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Useful Book: Emotional Intelligence


Psychologist Daniel Goleman’s book Emotional Intelligence may be 15 years old, but the ideas and information in it, far from being out of date, are being confirmed and expanded in psychological research to an extent that might be surprising even Goleman.

When the book first came out, the idea that emotional skills–like patience, self-control, focus, cooperation, and empathy, for instance–might be as important as intellectual skills was one that needed to be argued for. Goleman’s argument seems to have succeeded: these days as a general rule people seem to take it for granted that emotional skills are important for success, but exactly what those skills are, how they’re useful, and how they’re gained is still not common knowledge.

If you’ve read posts on this site regularly, you might find this book unnecessary: most of the information in it has been adopted and built upon by the relatively new field of Positive Psychology, and therefore has been demonstrated or even taken as a starting point in much of the research I’ve delved into over the past few years. However, as an introduction to the subject of emotional intelligence or even self-improvement in general, Goleman’s book covers more of the bases than pretty much any other book I could readily name.

Goleman also pays special attention to how emotional intelligence works in children and to strategies and school programs that can make a dramatic difference in a child’s life. As such, I’d doubly recommend the book to teachers and to parents wanting an introduction to some of the approaches used to help kids learn emotional skills.

A note about editions: I read the original version of this book rather than the revised, 2006 version I link to here, which appears to have some improvements and added, more recent material. Confusingly, there’s an apparently unrelated book called Emotional Intelligence 2.0, which appears to be getting good reviews from readers and selling very well. While I understand the marketing appeal of usurping the name of Goleman’s popular book (which I assume isn’t trademarked), I’m disappointed in the approach. However, it’s always possible that the authors really are working with Goleman or have his blessing and it just isn’t apparent from the book listing. In any case, to be clear, I’m referring to Goleman’s book in this post, and recommend it highly unless you’ve already learned all the basics of the subject.

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Good Resources on Mental Schemas


Mental schemas are an approach to understanding the kinds of issues that come up in our lives over and over, usually problems that we didn’t get a chance to work out when we were young that are still sticking with us today, like feeling abandoned or alienated, having trouble with trust or self-control, and so on. A brief introduction to mental schemas and a list of all of the schemas can be found on my mental schemas page, where you’ll also find links to the individual articles on each of the schemas that I’ve been adding to the site over time.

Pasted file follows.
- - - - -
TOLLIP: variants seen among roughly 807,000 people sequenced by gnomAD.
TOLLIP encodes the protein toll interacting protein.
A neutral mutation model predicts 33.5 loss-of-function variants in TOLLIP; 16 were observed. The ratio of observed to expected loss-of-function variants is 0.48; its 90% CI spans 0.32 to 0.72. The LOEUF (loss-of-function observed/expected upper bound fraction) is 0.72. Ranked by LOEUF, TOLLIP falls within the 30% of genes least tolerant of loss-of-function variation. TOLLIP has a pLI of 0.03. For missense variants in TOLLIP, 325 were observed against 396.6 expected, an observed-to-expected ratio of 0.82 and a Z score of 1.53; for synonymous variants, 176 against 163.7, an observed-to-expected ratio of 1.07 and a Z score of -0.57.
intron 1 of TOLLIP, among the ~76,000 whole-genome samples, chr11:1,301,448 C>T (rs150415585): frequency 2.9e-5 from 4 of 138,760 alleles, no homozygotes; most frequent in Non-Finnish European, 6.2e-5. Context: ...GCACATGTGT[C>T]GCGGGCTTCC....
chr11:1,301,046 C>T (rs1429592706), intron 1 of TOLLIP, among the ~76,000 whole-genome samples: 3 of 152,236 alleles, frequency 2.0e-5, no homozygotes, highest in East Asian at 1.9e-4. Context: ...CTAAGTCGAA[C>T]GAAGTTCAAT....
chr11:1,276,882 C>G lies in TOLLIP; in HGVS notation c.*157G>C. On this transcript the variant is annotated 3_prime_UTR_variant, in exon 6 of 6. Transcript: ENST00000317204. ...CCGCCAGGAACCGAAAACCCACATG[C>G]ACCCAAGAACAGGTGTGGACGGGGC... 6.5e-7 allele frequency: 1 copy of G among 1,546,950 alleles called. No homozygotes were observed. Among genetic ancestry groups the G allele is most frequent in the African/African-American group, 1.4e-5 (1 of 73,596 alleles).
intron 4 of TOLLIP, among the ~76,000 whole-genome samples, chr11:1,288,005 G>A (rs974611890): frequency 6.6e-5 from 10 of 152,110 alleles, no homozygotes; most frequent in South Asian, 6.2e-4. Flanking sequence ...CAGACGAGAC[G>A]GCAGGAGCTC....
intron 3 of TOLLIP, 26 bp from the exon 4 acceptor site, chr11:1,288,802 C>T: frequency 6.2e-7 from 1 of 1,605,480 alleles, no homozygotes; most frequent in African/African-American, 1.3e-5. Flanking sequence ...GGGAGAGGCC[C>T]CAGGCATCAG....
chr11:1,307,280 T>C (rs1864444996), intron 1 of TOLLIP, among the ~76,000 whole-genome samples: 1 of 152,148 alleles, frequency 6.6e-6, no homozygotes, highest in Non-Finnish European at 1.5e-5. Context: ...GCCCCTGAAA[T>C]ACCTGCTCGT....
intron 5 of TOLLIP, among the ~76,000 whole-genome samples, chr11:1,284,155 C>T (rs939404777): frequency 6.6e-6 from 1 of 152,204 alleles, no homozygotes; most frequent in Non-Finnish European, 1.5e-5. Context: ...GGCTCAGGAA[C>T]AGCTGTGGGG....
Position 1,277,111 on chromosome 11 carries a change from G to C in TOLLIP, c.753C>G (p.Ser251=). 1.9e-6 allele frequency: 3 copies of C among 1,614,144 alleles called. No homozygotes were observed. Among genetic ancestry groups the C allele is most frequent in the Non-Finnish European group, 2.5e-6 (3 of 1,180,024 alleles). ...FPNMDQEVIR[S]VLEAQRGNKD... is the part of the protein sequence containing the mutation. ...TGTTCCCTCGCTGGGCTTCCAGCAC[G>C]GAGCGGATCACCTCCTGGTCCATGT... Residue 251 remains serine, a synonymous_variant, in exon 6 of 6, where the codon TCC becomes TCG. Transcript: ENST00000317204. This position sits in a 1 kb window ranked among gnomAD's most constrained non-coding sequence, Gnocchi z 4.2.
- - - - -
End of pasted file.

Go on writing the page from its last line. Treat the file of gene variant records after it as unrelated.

If you’re interested in learning more about mental schemas, here are some useful resources.

Dr. Tara Bennett-Goleman’s book Emotional Alchemy: How the Mind Can Heal the Heart delves into using mindfulness to make use of the insights of schema therapy. The link between mindfulness and schemas is an important one, because unless we learn to be aware (that is, mindful) of our schemas and notice when they’re kicking in, we have little hope of making progress in overcoming them.

Schema Therapy: A Practitioner’s Guide is a substantial, informative, readable book by the man who developed schema therapy, Dr. Jeffrey Young, with Janet Klosko and Marjorie Weishaar. It’s available in book form as well as for the Amazon Kindle, and most of it can be found online through Google Books.

Finally, a 13-page PDF called A Client’s Guide to Schema Therapy, by Dr. David Bricker with, again, Dr. Young, is available online for free. This gives a variety of helpful examples in the course of providing an introduction to the subject.

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Useful Book on Social Networks: Connected


In my recent article “Can We Expect Other People to Help Us?” I mention the book Connected: The Surprising Power of Our Social Networks and How They Shape Our Lives by sociologist Nicholas Christakis and political scientist James Fowler. Connected is a fascinating work that examines social networks widely enough to provide a broad understanding and specifically enough to provide practical insights.

The questions Christakis and Fowler ask cover a lot of ground. How do social networks form and change? Why do we have them? What’s the difference between looking at the individual behavior of a number of people and looking at their social network? How is a network different from just a group or class of people? What does it mean to be closer to the center or the edge of a network, and why does that matter?

Christakis and Fowler show us a variety of networks and a variety of things that pass through them: money, illness, recovery, weight loss, smoking behavior, ideas, suicide, happiness, altruism, delusion, sexual behavior, and a lot more. They describe how we influence and are influenced not just by the people we know, but by the people they know, and even by the people those friends-of-friends know, our friends-of-friends-of-friends. (Interestingly, they offer substantial evidence that the influence more or less stops after those three degrees.)

The book has some limitations that are worth knowing about. Notably, they sometimes describe the impact of social networks as determining behavior instead of influencing it–for instance, saying that if a friend of a friend of yours gains weight, you will gain weight yourself (instead of saying, as is more accurate, that you will be more likely to gain weight). In some cases it sounds as though they feel that individual behavior has no impact on anything at all, though I don’t think that’s their intention.